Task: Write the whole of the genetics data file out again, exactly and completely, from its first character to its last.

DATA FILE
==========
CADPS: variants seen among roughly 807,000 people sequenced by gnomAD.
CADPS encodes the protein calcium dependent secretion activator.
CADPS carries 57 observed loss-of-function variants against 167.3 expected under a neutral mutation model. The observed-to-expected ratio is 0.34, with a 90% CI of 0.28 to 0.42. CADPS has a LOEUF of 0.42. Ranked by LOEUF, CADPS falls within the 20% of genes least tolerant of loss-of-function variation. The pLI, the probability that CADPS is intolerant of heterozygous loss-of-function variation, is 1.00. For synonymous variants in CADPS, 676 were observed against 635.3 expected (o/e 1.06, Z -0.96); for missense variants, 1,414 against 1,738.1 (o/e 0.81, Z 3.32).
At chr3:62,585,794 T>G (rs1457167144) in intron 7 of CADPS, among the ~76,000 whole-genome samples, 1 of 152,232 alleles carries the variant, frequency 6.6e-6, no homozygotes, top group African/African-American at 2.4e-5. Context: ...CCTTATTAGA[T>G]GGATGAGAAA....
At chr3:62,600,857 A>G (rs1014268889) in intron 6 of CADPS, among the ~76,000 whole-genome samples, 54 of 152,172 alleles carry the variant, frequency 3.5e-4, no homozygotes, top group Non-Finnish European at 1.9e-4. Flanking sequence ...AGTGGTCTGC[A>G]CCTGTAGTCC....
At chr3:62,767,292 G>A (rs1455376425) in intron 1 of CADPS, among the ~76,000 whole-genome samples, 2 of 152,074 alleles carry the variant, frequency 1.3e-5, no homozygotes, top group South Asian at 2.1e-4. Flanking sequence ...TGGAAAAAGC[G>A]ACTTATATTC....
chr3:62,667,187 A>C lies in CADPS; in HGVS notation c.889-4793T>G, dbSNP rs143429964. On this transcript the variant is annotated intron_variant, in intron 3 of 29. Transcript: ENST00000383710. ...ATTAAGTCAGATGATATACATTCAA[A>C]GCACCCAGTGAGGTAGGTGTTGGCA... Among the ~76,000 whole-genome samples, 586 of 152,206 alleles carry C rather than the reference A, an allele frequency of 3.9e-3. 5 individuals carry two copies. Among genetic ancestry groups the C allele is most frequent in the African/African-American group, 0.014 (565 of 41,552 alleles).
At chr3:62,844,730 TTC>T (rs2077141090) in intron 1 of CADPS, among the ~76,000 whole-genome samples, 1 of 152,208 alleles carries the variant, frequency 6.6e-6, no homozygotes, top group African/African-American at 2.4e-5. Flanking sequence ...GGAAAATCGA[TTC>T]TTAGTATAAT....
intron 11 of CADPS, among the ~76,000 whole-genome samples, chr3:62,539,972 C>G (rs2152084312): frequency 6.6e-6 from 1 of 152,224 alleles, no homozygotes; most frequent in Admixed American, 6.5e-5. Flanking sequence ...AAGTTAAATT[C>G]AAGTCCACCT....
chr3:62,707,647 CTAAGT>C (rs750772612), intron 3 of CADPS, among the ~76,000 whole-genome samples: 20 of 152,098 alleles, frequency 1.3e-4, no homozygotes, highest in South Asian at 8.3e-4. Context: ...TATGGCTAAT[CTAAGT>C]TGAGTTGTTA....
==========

CADPS: variants seen among roughly 807,000 people sequenced by gnomAD.
CADPS encodes the protein calcium dependent secretion activator.
CADPS carries 57 observed loss-of-function variants against 167.3 expected under a neutral mutation model. The observed-to-expected ratio is 0.34, with a 90% CI of 0.28 to 0.42. CADPS has a LOEUF of 0.42. Ranked by LOEUF, CADPS falls within the 20% of genes least tolerant of loss-of-function variation. The pLI, the probability that CADPS is intolerant of heterozygous loss-of-function variation, is 1.00. For synonymous variants in CADPS, 676 were observed against 635.3 expected (o/e 1.06, Z -0.96); for missense variants, 1,414 against 1,738.1 (o/e 0.81, Z 3.32).
At chr3:62,585,794 T>G (rs1457167144) in intron 7 of CADPS, among the ~76,000 whole-genome samples, 1 of 152,232 alleles carries the variant, frequency 6.6e-6, no homozygotes, top group African/African-American at 2.4e-5. Context: ...CCTTATTAGA[T>G]GGATGAGAAA....
At chr3:62,600,857 A>G (rs1014268889) in intron 6 of CADPS, among the ~76,000 whole-genome samples, 54 of 152,172 alleles carry the variant, frequency 3.5e-4, no homozygotes, top group Non-Finnish European at 1.9e-4. Flanking sequence ...AGTGGTCTGC[A>G]CCTGTAGTCC....
At chr3:62,767,292 G>A (rs1455376425) in intron 1 of CADPS, among the ~76,000 whole-genome samples, 2 of 152,074 alleles carry the variant, frequency 1.3e-5, no homozygotes, top group South Asian at 2.1e-4. Flanking sequence ...TGGAAAAAGC[G>A]ACTTATATTC....
chr3:62,667,187 A>C lies in CADPS; in HGVS notation c.889-4793T>G, dbSNP rs143429964. On this transcript the variant is annotated intron_variant, in intron 3 of 29. Transcript: ENST00000383710. ...ATTAAGTCAGATGATATACATTCAA[A>C]GCACCCAGTGAGGTAGGTGTTGGCA... Among the ~76,000 whole-genome samples, 586 of 152,206 alleles carry C rather than the reference A, an allele frequency of 3.9e-3. 5 individuals carry two copies. Among genetic ancestry groups the C allele is most frequent in the African/African-American group, 0.014 (565 of 41,552 alleles).
At chr3:62,844,730 TTC>T (rs2077141090) in intron 1 of CADPS, among the ~76,000 whole-genome samples, 1 of 152,208 alleles carries the variant, frequency 6.6e-6, no homozygotes, top group African/African-American at 2.4e-5. Flanking sequence ...GGAAAATCGA[TTC>T]TTAGTATAAT....
intron 11 of CADPS, among the ~76,000 whole-genome samples, chr3:62,539,972 C>G (rs2152084312): frequency 6.6e-6 from 1 of 152,224 alleles, no homozygotes; most frequent in Admixed American, 6.5e-5. Flanking sequence ...AAGTTAAATT[C>G]AAGTCCACCT....
chr3:62,707,647 CTAAGT>C (rs750772612), intron 3 of CADPS, among the ~76,000 whole-genome samples: 20 of 152,098 alleles, frequency 1.3e-4, no homozygotes, highest in South Asian at 8.3e-4. Context: ...TATGGCTAAT[CTAAGT>C]TGAGTTGTTA....